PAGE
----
I think learning to speak another language is pretty awesome.
I was blessed to have a father that speaks six languages fluently.
Fun Random Eden Fact: My parents rarely spoke to me in English growing up. I didn’t even know they spoke English until I head them speak to a grocery store clerk. My dad spoke to me mainly in Hebrew and a little French, a little Dutch sometimes. My mom spoke to me in Hebrew and sometimes a little German because she pretended to know German although she really couldn’t speak it very well.
As an adult, I’m so grateful for this. Speaking another language makes you seem more intelligent not to mention, kinda hot (depending on the language). Have you seen Bradley Cooper whoring out his new movie in France lately? I’ve bumped into him at my gym a few times, and yes, although easy on the eyes, I never thought of swooning over him. He reminded me of that frat guy that would try to roofie your drink. Well, that frat image shattered thanks to his second language:
Don’t worry. I’m sure most of you wouldn’t care if he’s talking about how to make oatmeal but hes basically saying how he learned french as a study abroad student in France…and he’s kinda hitting on the TV presenter. Ahh…. still a frat boy at heart!
Anyhow, I could teach you all French. But many of you probably know some French or took it in school.
But how many of you speak Hebrew? I see no hands raised. So this is your lucky day. I will introduce you to some very key words:
This phrase has no literal translation into English. Its sort of like “come on already” or if your waiting for a reply and you say, “and….”. It shows impatience and frustration. Often uttered by frustrated parents and very sexually dissatisfied couples.
Benzona (b-eh-n z-oh-na):
The literal translation is “son of a whore” and used the way Americans use “son of a bitch”. But I guess us Hebrews cherish our female dogs so it wouldn’t be much of a let down to call someone “son of a female dog.” I mean, who doesn’t secretly wish their mom was Lassie?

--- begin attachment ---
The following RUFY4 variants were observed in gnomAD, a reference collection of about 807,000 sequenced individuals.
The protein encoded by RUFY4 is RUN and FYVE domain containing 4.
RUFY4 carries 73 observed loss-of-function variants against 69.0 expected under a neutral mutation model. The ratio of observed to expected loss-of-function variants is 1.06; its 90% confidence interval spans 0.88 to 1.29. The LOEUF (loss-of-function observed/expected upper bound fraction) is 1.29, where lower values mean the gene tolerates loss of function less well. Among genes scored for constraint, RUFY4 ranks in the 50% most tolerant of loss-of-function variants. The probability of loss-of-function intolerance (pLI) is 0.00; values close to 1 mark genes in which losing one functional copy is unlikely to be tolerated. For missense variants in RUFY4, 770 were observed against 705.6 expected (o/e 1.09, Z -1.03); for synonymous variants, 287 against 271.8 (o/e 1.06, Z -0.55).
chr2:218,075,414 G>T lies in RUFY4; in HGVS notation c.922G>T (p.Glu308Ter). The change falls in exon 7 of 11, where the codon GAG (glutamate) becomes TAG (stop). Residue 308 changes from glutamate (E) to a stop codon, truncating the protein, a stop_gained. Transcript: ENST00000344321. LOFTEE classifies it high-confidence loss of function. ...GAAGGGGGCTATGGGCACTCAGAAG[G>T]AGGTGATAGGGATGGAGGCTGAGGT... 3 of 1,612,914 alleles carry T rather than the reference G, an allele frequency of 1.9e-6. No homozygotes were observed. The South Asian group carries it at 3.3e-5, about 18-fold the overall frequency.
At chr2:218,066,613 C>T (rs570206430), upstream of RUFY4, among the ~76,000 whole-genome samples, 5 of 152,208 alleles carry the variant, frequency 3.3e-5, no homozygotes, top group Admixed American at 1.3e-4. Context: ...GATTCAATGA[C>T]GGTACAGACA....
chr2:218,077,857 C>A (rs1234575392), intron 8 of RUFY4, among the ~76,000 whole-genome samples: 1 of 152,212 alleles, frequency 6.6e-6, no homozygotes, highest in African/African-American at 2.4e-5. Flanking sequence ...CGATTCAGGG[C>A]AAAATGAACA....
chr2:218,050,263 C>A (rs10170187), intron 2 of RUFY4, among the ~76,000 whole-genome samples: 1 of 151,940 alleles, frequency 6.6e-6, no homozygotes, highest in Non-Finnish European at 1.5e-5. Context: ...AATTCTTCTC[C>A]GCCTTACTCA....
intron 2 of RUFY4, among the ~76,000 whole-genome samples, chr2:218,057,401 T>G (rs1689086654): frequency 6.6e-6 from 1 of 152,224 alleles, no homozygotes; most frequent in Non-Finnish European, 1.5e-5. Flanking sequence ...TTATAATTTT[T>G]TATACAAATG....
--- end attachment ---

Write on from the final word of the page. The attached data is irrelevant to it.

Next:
Balagan (B-ah-l-ah-g-ah-n) :
A mess or extremely tangled situation. A good way to describe your room or a soap opera. Or Whitney Houston’s and Bobby Brown’s relationship….
I know, it looks like the hybrid of Ma and stool which is laughable. But this means “stoned” and often yelled, “What are you, stoned?!”. Although, like in French, there is a masculine and feminine so the feminine would be “Mastoola” which is even more laughable than “Mastool”.
Cool or “that’s cool”. Lets use it in a sentence:
Ugh! I hang out with the Karadashians for a night and I test positive for an STD! So not sababa!
This is actually stolen from Arabic. Modern Hebrew (not the biblical one) has many words stolen from other languages and Arabic included. This word means”like totally”. Lets use this example:
Can I take you home and get in your pants?
Pajamas (guess where we stole that from)
French fries (not potato chips), and guess where we stole THAT from?
If you would excuse me, I need to couche avec Bradley.
Do you speak other languages fluently (no, not “where is the bathroom”). I’m thinking of maybe doing this Hebrew lesson every week. Thoughts? Its rather useless but somewhat amusing.
- 2 cups all-purpose flour
- 1 tablespoon sugar
- 1 teaspoon kosher salt or sea salt (plus a little extra to sprinkle on top)
- 2/3 cup milk of choice (or water, but milk is better, I used 2% from the cow)
- 2 tablespoons chilled butter or butter alternative, cut into small pieces
- 1 tablespoon dried rosemary (crushed with your hands)
- Preheat your oven to 450°F. I know, thats hot. Hotter than a French speaking Bradley Cooper 😉
- Using a food processor or mixer, mix the flour, sugar, rosemary, and salt until combined.
- Add the pieces of chilled butter and process until the butter is no longer discernible in the mixture, a few seconds.
- With the food processor on, add the milk/water and process until the dough comes together.
- Turn dough out on a floured surface and knead for 5-6 minutes.
- Shape into a ball and cut in half.
- Roll out one half of dough on an inverted baking pan. I used a half sheet size pan and rolled out as thinly as I could until the dough came close to the edges of the pan. Repeat for the second half.
- Sprinkle with more salt on top
- Pierce the surface of the dough with a fork and score it with a knife into serving size pieces.
- Bake on the sheet pan for 8-12 minutes (depending on their thickness), making sure to rotate the pan halfway through the cooking time.
- Take out of the oven and allow to rest on the pan for a few minutes then transfer to a wire rack to cool.